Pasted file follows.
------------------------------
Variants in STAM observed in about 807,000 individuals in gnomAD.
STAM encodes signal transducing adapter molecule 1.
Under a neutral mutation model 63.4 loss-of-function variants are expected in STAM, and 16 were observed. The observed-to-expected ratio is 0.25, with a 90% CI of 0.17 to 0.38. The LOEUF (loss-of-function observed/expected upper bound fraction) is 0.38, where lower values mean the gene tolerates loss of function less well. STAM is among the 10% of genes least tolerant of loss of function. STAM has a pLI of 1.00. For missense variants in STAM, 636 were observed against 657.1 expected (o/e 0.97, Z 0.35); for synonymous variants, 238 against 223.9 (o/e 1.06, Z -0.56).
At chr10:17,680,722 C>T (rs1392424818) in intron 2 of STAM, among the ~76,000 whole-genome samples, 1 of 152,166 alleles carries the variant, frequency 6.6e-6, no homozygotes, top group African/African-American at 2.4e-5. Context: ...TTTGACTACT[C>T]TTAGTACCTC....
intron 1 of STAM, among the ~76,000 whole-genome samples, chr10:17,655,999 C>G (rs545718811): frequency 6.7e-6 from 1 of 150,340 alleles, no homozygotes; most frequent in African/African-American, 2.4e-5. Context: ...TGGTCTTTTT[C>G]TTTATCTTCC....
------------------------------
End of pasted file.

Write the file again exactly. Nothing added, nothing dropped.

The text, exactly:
Variants in STAM observed in about 807,000 individuals in gnomAD.
STAM encodes signal transducing adapter molecule 1.
Under a neutral mutation model 63.4 loss-of-function variants are expected in STAM, and 16 were observed. The observed-to-expected ratio is 0.25, with a 90% CI of 0.17 to 0.38. The LOEUF (loss-of-function observed/expected upper bound fraction) is 0.38, where lower values mean the gene tolerates loss of function less well. STAM is among the 10% of genes least tolerant of loss of function. STAM has a pLI of 1.00. For missense variants in STAM, 636 were observed against 657.1 expected (o/e 0.97, Z 0.35); for synonymous variants, 238 against 223.9 (o/e 1.06, Z -0.56).
At chr10:17,680,722 C>T (rs1392424818) in intron 2 of STAM, among the ~76,000 whole-genome samples, 1 of 152,166 alleles carries the variant, frequency 6.6e-6, no homozygotes, top group African/African-American at 2.4e-5. Context: ...TTTGACTACT[C>T]TTAGTACCTC....
intron 1 of STAM, among the ~76,000 whole-genome samples, chr10:17,655,999 C>G (rs545718811): frequency 6.7e-6 from 1 of 150,340 alleles, no homozygotes; most frequent in African/African-American, 2.4e-5. Context: ...TGGTCTTTTT[C>G]TTTATCTTCC....